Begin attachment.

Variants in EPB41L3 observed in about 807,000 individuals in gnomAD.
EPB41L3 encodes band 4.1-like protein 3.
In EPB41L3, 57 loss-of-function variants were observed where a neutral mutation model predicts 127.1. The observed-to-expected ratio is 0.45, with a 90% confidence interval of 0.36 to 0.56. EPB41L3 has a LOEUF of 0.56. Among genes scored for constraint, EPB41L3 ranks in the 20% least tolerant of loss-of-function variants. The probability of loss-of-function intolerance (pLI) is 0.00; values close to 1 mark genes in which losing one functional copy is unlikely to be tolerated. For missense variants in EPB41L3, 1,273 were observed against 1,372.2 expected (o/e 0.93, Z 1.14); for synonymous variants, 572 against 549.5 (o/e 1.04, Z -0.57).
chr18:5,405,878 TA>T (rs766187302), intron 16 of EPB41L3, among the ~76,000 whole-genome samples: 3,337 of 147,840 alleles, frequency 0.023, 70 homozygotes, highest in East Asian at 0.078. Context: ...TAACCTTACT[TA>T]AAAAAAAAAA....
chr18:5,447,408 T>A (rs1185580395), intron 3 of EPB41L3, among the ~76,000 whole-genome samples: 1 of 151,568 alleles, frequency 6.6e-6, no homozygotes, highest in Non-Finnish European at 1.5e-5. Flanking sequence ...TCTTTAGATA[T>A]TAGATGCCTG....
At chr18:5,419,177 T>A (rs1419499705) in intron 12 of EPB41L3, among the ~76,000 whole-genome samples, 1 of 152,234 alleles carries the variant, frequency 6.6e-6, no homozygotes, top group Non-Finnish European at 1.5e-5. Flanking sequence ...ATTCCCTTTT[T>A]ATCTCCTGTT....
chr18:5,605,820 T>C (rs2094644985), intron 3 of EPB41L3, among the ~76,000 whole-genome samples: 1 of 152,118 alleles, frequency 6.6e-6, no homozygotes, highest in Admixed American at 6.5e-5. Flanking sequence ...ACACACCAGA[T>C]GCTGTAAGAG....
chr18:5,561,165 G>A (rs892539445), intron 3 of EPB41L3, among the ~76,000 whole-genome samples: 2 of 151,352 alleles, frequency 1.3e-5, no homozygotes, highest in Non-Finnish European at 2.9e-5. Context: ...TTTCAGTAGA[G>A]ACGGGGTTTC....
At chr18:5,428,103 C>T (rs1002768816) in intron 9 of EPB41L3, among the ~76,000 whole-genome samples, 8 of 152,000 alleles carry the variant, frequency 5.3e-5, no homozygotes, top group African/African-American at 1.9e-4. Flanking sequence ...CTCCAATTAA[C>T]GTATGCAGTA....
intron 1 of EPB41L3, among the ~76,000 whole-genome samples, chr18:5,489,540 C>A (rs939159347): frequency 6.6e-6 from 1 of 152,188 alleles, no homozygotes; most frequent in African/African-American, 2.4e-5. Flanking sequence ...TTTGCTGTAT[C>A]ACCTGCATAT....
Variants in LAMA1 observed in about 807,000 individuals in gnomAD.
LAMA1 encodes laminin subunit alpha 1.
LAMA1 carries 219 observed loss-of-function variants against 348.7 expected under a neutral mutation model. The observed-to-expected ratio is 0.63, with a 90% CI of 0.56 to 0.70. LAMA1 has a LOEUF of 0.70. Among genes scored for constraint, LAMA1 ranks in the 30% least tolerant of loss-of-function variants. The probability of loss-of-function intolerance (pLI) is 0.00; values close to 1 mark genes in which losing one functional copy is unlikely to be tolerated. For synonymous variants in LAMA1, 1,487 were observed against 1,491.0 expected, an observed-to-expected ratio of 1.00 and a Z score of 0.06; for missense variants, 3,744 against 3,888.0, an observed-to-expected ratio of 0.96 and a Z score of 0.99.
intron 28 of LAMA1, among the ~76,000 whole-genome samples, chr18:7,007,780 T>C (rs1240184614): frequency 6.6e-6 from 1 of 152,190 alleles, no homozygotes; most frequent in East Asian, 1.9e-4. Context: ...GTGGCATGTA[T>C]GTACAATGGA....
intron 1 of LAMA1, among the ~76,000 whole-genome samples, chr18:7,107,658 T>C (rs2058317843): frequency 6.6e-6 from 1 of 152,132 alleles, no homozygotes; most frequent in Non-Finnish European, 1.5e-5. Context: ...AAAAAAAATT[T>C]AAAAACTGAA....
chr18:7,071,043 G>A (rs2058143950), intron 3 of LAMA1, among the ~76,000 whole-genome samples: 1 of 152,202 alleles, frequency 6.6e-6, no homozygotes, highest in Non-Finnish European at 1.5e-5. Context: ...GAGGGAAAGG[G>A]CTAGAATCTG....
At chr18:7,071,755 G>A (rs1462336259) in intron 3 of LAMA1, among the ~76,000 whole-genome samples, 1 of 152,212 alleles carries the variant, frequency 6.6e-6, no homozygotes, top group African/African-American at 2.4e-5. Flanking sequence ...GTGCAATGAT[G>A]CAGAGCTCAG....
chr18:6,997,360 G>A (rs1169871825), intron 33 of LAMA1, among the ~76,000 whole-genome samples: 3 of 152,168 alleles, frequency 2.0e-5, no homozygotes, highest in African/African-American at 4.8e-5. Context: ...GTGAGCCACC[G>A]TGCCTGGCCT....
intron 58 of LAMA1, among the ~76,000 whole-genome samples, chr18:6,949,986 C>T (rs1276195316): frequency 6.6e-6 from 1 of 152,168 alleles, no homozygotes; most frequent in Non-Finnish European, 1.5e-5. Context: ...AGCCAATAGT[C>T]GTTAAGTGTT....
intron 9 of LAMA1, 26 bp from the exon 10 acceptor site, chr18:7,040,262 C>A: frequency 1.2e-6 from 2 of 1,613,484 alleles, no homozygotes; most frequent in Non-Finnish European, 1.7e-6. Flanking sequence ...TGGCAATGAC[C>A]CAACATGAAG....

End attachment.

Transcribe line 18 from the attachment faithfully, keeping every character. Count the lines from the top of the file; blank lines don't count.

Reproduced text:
chr18:6,997,360 G>A (rs1169871825), intron 33 of LAMA1, among the ~76,000 whole-genome samples: 3 of 152,168 alleles, frequency 2.0e-5, no homozygotes, highest in African/African-American at 4.8e-5. Context: ...GTGAGCCACC[G>A]TGCCTGGCCT....